I have really mixed feelings about Ausma Zehanat Khan’s debut mystery The Unquiet Dead. For starters, I think it’s built around a good concept, one with a lot of potential for drama and moral seriousness. The contemporary crime turns out to be rooted in the evil and cruelty of the Bosnian War, particularly the massacre at Srebrenica; there’s a lot of historical back story, then, based in those events, as well as reflection on the inadequate international response at the time and since. The author’s expertise in these areas means that the novel is rich in chilling details, the accuracy of which is borne out by her footnotes. The generic form of a mystery sets up good opportunities for exploring connections between past and present as well as abstract problems, such as the interplay of justice and vengeance. The particular crime story Khan tells, too, invites debate about vigilantism in the face of bureaucratic inertia or, worse, indifference.
Also in the novel’s favor: the parts of The Unquiet Dead that are directly about the war and genocide are gripping in the way terrible true things are, the flashback interludes especially — though I found them a bit heavy-handed in the telling. The interspersed witness statements that form part of the case are an artful device, as well. And the mystery certainly aspires to be the kind I usually like: character-driven, multi-faceted, specific to a time and place and community, embedding its whodunit in socially and morally provocative material.
But notice that I say it “aspires to be” this kind: it doesn’t seem to me to succeed, quite, and so I felt really frustrated reading it, because I so wanted it to be better than it is. The characters that drive it, especially the detectives, never seemed entirely believable to me, never really came to life, despite the author’s insistent efforts to make them complicated and three-dimensional. I have a hard time putting my finger on just what doesn’t work: there are too many things going on at once, maybe, including family backgrounds that aren’t relevant to the unfolding crime story, and references to previous events and cases that we’re told resonate deeply for the characters but that can’t possibly do the same for us. The main detective pairing is too pat and familiar in too many ways: Rachel Getty, in particular, seemed like a watered-down Barbara Havers. Finally, the prose isn’t quite good enough to carry the book along. It too seemed to be trying too hard, insisting on profundity but falling into melodrama and cliches. By far the best part of the book for me was the “Author’s Note” at the end, where Khan reviews the story of the Bosnian War: it’s written with such clarity and unpretentious energy that I wished she had stuck to non-fiction for the whole project.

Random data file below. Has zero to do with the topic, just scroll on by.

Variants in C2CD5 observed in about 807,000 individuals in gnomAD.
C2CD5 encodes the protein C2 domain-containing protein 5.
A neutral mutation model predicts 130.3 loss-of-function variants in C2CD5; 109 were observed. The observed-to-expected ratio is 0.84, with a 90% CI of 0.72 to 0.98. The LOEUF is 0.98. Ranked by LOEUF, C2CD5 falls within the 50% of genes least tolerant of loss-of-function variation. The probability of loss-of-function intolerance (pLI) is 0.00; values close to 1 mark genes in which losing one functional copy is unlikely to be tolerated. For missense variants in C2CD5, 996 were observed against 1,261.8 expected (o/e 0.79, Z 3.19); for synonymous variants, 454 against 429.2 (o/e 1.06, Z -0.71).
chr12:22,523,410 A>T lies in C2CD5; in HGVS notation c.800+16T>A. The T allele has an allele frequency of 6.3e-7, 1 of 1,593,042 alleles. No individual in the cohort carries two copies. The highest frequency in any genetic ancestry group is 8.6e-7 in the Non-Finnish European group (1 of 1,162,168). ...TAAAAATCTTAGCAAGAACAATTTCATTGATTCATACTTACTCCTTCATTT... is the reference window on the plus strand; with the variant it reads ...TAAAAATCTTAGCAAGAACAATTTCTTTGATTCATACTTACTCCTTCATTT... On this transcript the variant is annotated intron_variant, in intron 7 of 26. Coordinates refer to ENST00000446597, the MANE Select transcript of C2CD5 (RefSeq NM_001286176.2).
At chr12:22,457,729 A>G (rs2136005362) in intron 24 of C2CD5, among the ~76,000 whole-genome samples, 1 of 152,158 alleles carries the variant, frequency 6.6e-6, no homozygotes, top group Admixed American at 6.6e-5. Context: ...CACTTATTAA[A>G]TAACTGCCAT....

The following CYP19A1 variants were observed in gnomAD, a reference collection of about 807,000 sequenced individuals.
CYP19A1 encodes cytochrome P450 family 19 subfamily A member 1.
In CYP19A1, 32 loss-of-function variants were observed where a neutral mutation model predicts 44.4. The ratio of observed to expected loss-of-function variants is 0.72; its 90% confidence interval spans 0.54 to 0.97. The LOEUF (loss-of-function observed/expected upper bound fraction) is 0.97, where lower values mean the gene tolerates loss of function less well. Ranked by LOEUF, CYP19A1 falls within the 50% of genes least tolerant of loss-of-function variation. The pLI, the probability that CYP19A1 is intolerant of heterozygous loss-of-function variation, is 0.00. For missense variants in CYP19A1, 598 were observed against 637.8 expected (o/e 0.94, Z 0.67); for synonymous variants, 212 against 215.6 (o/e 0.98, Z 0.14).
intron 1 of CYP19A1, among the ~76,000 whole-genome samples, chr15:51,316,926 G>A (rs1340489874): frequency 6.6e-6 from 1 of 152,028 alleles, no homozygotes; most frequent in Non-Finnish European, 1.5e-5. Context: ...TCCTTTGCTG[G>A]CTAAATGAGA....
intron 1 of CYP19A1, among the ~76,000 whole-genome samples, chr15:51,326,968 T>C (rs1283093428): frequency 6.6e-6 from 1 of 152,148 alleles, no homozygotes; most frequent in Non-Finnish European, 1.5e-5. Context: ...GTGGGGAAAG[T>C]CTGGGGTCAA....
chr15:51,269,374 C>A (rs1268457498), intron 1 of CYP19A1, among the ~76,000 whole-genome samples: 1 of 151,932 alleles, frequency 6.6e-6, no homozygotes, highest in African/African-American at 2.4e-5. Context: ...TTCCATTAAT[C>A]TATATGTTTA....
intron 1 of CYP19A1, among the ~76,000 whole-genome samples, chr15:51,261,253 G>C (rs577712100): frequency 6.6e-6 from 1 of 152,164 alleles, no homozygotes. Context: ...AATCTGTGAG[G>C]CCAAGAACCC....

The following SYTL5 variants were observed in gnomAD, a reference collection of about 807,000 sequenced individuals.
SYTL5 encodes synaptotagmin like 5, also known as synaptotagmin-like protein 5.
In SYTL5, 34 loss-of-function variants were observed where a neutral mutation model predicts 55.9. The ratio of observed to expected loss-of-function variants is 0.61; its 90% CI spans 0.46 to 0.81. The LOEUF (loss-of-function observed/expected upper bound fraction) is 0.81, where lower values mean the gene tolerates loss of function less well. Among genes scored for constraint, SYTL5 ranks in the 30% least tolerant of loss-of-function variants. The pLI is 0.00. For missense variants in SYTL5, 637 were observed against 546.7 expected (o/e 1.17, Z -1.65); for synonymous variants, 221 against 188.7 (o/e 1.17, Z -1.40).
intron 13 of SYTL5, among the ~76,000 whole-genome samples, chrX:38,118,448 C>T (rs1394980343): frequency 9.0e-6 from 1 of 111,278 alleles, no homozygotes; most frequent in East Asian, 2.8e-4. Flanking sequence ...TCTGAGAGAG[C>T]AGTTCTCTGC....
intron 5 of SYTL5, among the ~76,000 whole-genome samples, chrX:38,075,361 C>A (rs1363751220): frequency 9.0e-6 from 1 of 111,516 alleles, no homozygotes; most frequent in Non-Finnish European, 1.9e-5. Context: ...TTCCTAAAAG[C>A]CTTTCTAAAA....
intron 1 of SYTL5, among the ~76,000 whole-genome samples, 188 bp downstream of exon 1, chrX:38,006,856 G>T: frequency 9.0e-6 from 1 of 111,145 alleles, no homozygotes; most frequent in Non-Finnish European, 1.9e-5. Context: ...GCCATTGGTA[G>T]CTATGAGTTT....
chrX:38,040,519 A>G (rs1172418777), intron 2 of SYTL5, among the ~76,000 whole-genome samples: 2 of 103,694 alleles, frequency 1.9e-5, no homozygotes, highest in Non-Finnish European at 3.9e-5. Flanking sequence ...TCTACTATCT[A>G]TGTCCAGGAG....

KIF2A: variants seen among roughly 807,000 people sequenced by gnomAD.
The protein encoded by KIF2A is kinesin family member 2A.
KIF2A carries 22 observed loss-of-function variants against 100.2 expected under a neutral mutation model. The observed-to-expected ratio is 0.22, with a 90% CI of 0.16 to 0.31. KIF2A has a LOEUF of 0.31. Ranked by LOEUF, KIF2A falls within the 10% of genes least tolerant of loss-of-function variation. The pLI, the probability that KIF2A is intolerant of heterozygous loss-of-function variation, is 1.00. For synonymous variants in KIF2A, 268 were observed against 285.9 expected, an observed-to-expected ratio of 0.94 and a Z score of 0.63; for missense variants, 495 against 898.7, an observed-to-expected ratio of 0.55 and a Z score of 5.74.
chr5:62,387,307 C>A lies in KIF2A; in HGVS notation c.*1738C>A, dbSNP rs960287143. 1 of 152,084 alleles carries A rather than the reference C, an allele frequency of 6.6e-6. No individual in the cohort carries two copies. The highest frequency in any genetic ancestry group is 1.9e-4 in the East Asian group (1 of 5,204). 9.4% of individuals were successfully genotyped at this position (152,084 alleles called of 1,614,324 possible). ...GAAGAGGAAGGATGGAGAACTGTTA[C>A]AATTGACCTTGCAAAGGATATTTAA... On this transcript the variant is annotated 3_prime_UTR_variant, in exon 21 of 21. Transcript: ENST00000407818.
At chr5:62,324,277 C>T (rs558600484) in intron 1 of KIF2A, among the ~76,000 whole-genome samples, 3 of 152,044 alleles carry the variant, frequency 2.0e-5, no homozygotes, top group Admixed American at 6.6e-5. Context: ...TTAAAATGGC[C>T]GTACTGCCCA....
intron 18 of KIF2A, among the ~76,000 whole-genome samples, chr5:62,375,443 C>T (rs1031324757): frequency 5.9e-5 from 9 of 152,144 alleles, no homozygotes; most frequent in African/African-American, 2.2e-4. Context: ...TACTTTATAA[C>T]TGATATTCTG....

But (again), as her note makes evident, there are already plenty of non-fiction books about these events (some of which I’ve read), and yet I don’t think this is a particularly well-known or well-understood context, at least to North American audiences — not, at any rate, compared to the First World War, or the Holocaust, or other common settings for historical fiction and film. Popular fiction can reach readers who might never pick up Michael Sells’s The Bridge Betrayed or Samantha Powers’s A Problem from Hell — so from that angle, The Unquiet Dead is doing something important in drawing attention to the horrors of what happened and provoking consideration of what could ever count as “solving” a crime with such origins. Still, what matters most, since Khan did choose to write fiction, is whether the result is a good novel, and I just don’t think The Unquiet Dead is, much as (given how many things are smart and interesting about it) I wish it were.
Reading it I found myself wondering: what must it be like to a book editor working on a project like this? Clearly the editor at Minotaur (which is an imprint of St. Martin’s Press) thought the book was done, ready to face readers and critics. So maybe I’m just being unduly hard on it! Or else the conclusion was reached that this particular book was as good as it was ever going to be — something that any graduate supervisor has probably thought about at least one thesis at some point. I have no idea what specific advice I could have given Khan to make the book better in the ways I wanted: “make your characters seem like people, not ideas for people” or “write better” both seem too vague to be genuinely helpful, while “give Ian Rankin your idea and research and let him write the book” would probably have been an unwelcome suggestion!